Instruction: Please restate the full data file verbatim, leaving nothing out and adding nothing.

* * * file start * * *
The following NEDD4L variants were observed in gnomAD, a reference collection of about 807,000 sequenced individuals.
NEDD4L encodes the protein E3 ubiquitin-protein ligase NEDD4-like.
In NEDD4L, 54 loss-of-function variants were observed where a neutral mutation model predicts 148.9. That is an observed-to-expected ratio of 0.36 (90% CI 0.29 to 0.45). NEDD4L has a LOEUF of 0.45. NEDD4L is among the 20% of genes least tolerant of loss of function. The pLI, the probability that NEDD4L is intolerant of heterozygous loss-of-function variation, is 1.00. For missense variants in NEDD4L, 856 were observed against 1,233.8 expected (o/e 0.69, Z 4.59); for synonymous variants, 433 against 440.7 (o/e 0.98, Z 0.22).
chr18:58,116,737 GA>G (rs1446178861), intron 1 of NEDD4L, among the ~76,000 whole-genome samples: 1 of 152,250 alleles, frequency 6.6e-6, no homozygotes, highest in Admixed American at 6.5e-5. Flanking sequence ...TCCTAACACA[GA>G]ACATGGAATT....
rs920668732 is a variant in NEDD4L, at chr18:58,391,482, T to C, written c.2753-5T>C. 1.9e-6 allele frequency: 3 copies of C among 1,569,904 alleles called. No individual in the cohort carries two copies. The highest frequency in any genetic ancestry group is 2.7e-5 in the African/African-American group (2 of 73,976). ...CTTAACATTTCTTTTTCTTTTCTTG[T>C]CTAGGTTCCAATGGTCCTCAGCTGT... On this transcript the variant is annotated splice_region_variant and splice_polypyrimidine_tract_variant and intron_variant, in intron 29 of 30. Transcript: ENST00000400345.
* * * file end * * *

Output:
The following NEDD4L variants were observed in gnomAD, a reference collection of about 807,000 sequenced individuals.
NEDD4L encodes the protein E3 ubiquitin-protein ligase NEDD4-like.
In NEDD4L, 54 loss-of-function variants were observed where a neutral mutation model predicts 148.9. That is an observed-to-expected ratio of 0.36 (90% CI 0.29 to 0.45). NEDD4L has a LOEUF of 0.45. NEDD4L is among the 20% of genes least tolerant of loss of function. The pLI, the probability that NEDD4L is intolerant of heterozygous loss-of-function variation, is 1.00. For missense variants in NEDD4L, 856 were observed against 1,233.8 expected (o/e 0.69, Z 4.59); for synonymous variants, 433 against 440.7 (o/e 0.98, Z 0.22).
chr18:58,116,737 GA>G (rs1446178861), intron 1 of NEDD4L, among the ~76,000 whole-genome samples: 1 of 152,250 alleles, frequency 6.6e-6, no homozygotes, highest in Admixed American at 6.5e-5. Flanking sequence ...TCCTAACACA[GA>G]ACATGGAATT....
rs920668732 is a variant in NEDD4L, at chr18:58,391,482, T to C, written c.2753-5T>C. 1.9e-6 allele frequency: 3 copies of C among 1,569,904 alleles called. No individual in the cohort carries two copies. The highest frequency in any genetic ancestry group is 2.7e-5 in the African/African-American group (2 of 73,976). ...CTTAACATTTCTTTTTCTTTTCTTG[T>C]CTAGGTTCCAATGGTCCTCAGCTGT... On this transcript the variant is annotated splice_region_variant and splice_polypyrimidine_tract_variant and intron_variant, in intron 29 of 30. Transcript: ENST00000400345.